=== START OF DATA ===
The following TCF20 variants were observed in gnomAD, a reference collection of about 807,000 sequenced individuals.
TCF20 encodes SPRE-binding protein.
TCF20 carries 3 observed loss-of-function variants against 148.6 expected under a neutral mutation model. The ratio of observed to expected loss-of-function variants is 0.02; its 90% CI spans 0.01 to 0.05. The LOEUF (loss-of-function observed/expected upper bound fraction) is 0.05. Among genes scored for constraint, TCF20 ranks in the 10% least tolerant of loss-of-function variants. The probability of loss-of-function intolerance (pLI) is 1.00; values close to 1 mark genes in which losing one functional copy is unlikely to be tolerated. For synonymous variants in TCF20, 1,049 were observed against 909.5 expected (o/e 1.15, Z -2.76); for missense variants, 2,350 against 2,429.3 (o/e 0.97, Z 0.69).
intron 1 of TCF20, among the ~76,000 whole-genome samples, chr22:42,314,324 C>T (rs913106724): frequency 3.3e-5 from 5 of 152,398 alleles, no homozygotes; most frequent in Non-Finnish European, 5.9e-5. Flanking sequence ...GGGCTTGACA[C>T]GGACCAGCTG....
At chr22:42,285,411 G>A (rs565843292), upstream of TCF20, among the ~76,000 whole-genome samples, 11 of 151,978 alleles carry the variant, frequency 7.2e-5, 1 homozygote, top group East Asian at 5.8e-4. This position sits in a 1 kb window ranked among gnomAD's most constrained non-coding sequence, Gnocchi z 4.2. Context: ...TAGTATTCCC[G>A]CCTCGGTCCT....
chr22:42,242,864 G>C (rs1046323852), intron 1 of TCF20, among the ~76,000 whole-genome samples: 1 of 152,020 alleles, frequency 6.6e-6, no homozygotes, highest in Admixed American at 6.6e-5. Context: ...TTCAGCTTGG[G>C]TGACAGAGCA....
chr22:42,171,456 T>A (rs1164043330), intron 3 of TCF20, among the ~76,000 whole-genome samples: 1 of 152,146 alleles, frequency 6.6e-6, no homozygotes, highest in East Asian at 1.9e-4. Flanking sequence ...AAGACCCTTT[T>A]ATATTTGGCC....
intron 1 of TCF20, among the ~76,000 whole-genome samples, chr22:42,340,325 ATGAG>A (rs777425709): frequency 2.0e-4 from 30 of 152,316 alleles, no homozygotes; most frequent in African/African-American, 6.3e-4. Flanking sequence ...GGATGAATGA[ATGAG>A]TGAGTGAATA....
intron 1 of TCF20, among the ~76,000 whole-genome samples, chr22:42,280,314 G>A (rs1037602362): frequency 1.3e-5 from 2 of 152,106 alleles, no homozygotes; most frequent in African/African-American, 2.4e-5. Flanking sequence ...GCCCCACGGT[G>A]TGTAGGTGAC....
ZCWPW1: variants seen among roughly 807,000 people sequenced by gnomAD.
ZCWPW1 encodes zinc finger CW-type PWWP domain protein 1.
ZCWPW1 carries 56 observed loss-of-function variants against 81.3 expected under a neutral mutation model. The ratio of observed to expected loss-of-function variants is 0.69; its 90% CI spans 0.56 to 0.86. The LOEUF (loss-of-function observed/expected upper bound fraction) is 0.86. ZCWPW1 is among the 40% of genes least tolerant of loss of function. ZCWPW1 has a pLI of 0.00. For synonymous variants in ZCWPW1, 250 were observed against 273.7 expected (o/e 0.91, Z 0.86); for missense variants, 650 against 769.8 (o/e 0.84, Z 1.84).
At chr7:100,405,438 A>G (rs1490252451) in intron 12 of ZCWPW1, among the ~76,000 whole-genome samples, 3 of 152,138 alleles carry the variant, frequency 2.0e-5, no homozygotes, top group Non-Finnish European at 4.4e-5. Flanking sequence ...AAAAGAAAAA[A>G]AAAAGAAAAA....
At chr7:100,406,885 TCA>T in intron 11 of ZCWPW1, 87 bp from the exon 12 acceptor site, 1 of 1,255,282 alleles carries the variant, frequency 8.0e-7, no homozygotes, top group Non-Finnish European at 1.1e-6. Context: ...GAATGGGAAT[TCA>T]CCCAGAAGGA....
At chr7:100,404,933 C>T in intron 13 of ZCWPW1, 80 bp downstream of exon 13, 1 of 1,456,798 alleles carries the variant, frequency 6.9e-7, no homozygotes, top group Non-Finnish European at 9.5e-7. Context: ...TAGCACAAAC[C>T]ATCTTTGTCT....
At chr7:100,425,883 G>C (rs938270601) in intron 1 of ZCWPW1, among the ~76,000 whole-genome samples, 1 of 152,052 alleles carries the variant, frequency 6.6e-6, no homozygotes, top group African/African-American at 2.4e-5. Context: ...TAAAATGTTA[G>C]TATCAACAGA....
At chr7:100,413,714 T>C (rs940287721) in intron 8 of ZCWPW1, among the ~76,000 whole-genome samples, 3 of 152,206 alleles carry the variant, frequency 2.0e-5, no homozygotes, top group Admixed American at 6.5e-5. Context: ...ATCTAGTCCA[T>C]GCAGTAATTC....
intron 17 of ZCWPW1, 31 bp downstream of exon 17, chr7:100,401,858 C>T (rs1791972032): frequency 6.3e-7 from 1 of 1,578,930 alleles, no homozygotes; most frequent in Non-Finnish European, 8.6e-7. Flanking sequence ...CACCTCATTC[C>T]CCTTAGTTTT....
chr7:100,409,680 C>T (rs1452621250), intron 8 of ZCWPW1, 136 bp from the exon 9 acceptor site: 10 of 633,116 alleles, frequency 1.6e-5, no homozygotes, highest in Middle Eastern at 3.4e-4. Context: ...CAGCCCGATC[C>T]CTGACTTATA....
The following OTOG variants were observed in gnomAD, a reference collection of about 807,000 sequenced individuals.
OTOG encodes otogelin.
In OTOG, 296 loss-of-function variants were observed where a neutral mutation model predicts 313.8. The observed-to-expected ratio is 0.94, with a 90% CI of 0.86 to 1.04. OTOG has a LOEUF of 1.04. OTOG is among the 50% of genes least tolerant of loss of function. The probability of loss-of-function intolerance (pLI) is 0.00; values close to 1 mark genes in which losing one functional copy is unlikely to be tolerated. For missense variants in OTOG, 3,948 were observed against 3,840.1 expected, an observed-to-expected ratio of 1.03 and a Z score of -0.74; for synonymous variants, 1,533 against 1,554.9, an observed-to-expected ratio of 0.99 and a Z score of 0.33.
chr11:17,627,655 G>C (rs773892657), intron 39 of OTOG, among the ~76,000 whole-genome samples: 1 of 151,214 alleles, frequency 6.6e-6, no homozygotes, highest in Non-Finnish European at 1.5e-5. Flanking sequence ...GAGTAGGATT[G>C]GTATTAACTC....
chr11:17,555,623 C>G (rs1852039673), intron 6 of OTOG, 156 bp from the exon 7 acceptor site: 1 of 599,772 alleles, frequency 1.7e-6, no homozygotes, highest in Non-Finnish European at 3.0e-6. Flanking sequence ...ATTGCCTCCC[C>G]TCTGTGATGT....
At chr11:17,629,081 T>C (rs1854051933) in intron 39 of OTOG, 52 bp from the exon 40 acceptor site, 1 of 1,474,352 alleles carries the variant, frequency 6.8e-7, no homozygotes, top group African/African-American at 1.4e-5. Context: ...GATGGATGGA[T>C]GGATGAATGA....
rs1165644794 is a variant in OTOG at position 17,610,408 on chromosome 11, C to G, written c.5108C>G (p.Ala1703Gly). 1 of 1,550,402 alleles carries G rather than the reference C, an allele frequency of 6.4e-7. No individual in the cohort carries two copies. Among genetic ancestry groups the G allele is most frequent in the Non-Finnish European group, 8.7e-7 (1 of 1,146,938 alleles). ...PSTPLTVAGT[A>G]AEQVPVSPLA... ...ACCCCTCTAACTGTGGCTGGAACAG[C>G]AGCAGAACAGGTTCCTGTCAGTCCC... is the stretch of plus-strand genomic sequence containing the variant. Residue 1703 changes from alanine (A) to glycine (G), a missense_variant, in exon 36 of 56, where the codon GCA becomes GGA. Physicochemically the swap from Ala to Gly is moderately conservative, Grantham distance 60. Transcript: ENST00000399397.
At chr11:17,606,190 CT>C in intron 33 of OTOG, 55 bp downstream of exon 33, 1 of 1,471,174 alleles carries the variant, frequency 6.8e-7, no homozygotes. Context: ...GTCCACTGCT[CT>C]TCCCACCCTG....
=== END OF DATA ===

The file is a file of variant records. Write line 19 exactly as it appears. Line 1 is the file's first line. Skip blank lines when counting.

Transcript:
chr7:100,409,680 C>T (rs1452621250), intron 8 of ZCWPW1, 136 bp from the exon 9 acceptor site: 10 of 633,116 alleles, frequency 1.6e-5, no homozygotes, highest in Middle Eastern at 3.4e-4. Context: ...CAGCCCGATC[C>T]CTGACTTATA....